The proviso to r. 5(b) has thus got to be construed in the light of the substantive provision which we have earlier set out and the effect of which we have sum, arises, as respects the two distinct subjects namely, the case of depreciation of investment, on the one hand and the case of appreciation of investment, on the other. A look at the proviso, however, makes it quite clear that it is confined strictly to the case of depreciation or loss on the realization of investments. The proviso has nothing whatever to decided on with appreciation in the value of investments, or realization of gains on investment. In the context of a claim for depreciation or loss on the realization of investment which, as we have earlier seen, must be backed up by actual entries reflecting that position in the accounts, which is the only concern of the proviso to r. 5(b), the proviso grants a discretion to the ITO to limit the amount to be deducted on account of loss or depreciation in the value of investment, on the basis of what he considers to be a reasonable deductions. The proviso does not mention what the extent of reasonableness, is, but quite consistent with the concern of the rule, that has got to be determined in accordance with the exigencies of the business and other relevant considerations, if any. We are not concerned in these cases with the question whether the extent to which there ITO has cut down the loss in investment in his orders can be justified on the test of reasonableness. For the assessees contention is more fundamental. It was always been that the action taken by the ITO in these cases does not really fall within the ambit of the proviso at all. It was urged before the Tribunal that the power of the ITO under the proviso if properly exercised only when he addresses his mind to the amounts actually written off in the accounts. That amount, by definition, would only relate to a factual depreciation of such investment as had depreciated in value during the account year. The point urged before the Tribunal by the assessee was that the ITO has had no criticism to offer in his assessment orders as respects the evaluation by the assessee of the extent to which investment which has actually depreciated had registered a decline. The officer had not said a word about the quantum of fall in the value of the investments. He had nowhere taken the position that the depreciating investments had not depreciated to the extent of Rs. 4,52,510. All that the ITO did was that even though this amount was the loss in so far as the depreciation had occurred in the investment in question, yet the amounts cannot be allowed in toto, since there were other investment held by the company which had registered an increase in value and, therefore, the depreciation in investment amounting to Rs. 4,52,510 must be cut down to size, after setting off the amount of appreciation registered by the other investment.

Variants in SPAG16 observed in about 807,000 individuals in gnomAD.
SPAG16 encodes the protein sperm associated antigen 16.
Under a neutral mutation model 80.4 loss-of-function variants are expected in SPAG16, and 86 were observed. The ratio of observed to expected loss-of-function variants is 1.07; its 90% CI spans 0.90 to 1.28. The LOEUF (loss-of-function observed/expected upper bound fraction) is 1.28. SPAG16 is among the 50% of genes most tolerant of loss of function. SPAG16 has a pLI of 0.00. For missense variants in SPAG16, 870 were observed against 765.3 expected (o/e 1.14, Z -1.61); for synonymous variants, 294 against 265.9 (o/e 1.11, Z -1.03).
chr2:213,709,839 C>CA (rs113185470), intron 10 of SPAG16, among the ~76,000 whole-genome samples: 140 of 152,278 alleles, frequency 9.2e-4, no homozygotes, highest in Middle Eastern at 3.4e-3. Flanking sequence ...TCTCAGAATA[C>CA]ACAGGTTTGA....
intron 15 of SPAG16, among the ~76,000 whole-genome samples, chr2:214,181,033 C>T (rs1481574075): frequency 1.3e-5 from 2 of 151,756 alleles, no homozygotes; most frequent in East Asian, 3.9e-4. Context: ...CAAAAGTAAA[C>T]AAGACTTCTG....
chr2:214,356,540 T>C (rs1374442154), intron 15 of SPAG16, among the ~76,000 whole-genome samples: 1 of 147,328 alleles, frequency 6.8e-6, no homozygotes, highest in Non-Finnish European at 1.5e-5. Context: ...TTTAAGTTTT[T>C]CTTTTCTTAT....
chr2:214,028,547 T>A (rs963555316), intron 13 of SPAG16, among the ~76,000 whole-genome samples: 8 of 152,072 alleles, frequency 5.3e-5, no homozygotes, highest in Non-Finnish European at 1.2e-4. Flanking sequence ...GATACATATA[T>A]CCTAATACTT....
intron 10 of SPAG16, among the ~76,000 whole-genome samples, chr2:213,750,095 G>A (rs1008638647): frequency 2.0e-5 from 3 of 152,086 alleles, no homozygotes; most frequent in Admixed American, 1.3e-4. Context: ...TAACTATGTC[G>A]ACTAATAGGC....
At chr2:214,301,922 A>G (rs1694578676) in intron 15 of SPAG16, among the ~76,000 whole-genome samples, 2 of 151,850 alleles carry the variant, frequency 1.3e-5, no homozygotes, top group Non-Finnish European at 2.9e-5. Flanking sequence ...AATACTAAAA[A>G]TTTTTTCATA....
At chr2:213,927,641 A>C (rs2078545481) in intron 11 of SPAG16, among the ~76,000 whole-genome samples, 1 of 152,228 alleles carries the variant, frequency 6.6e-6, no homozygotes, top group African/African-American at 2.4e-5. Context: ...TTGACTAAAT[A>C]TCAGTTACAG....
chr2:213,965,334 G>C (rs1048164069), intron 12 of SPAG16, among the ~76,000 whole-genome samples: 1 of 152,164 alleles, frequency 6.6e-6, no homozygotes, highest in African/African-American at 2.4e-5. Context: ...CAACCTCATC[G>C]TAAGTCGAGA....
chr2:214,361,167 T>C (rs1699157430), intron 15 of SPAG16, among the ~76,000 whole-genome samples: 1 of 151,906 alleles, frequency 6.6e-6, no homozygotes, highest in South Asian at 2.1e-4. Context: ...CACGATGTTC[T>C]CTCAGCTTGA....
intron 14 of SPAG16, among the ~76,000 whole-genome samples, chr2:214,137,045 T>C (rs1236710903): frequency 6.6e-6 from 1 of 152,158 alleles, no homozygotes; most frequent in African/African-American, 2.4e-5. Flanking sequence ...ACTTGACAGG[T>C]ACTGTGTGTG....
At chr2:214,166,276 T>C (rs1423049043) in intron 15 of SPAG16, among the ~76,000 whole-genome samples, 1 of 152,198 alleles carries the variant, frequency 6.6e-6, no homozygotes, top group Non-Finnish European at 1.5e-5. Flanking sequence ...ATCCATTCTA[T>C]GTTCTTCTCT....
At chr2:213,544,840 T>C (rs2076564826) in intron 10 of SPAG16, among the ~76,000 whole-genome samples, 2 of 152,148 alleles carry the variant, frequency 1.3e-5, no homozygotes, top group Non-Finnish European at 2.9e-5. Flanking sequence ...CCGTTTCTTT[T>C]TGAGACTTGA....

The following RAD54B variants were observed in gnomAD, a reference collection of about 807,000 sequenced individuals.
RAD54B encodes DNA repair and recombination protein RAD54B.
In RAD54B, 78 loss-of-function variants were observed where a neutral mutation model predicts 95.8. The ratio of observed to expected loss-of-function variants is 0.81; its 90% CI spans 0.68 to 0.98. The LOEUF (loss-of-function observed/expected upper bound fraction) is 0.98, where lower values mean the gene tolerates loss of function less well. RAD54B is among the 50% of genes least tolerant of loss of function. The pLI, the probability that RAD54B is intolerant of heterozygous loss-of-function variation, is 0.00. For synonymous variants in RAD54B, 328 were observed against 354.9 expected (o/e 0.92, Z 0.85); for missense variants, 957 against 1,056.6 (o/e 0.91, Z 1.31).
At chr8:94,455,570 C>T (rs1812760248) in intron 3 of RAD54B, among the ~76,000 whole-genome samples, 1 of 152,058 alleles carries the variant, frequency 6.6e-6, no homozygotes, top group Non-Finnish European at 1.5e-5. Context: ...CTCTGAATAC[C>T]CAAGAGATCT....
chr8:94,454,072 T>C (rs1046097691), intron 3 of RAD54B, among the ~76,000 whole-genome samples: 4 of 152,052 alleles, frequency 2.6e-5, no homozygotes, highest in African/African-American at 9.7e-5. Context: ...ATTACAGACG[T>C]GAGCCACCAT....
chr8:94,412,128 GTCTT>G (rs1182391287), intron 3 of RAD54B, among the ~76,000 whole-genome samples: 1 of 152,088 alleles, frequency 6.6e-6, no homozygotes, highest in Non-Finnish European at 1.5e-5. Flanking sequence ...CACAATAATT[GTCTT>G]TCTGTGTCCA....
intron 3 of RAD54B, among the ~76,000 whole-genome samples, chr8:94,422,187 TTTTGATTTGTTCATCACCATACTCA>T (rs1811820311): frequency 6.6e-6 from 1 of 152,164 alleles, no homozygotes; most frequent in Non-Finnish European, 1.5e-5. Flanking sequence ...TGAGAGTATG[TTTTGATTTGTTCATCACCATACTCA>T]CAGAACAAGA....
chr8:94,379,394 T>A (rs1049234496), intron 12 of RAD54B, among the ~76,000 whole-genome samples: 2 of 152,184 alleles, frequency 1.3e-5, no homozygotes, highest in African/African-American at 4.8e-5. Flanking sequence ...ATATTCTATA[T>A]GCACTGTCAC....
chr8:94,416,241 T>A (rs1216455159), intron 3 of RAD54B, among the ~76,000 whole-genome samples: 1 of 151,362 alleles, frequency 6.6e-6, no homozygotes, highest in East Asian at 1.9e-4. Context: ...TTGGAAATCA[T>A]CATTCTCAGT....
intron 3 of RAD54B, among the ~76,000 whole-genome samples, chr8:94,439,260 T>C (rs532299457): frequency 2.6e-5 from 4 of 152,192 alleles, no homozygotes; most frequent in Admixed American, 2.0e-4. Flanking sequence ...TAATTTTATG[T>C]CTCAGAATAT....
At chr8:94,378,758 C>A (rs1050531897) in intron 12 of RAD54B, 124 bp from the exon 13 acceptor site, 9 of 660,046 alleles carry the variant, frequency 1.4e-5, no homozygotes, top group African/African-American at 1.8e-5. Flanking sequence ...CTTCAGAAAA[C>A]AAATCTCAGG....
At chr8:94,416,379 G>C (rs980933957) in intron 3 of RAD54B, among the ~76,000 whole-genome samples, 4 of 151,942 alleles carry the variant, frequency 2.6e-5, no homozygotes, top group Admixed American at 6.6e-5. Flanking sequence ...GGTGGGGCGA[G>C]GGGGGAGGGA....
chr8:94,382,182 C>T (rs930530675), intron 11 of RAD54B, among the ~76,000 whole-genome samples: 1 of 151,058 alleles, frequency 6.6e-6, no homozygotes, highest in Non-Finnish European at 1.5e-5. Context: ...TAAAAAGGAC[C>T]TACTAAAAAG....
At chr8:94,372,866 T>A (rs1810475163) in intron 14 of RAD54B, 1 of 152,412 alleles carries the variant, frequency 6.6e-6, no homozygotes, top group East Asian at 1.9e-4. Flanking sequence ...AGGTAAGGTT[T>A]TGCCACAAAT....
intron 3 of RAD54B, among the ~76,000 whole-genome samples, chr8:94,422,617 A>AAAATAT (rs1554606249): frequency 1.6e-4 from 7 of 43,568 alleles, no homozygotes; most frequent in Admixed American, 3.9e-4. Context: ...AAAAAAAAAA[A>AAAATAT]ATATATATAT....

It was this position of the Department which had been rejected by the Tribunal in its order under reference. The Tribunal observed that under r. 5(b), the proviso empowered the ITO only to go into the question of reasonableness of the amount written off to meet depreciation on investment. They observed that depreciation of investment and appreciation of investment were dealt with by r. 5(b) distinctly and separately. They further observed that in view of the scheme of this rule, the ITO has to ignore the appreciation of investment if they had not been brought to account, but can only adjudicate one reasonableness of the depreciation of investments. In so far as the ITO had taken note of the appreciation of investments, his action, according to the Tribunal, amounted to interfering with the item of appreciation of investments. It was on the basis of this reasoning that the Tribunal held that the entire loss written off in the sum of Rs. 4,52,510 must be granted as a deductions in the computation of the assessees investments.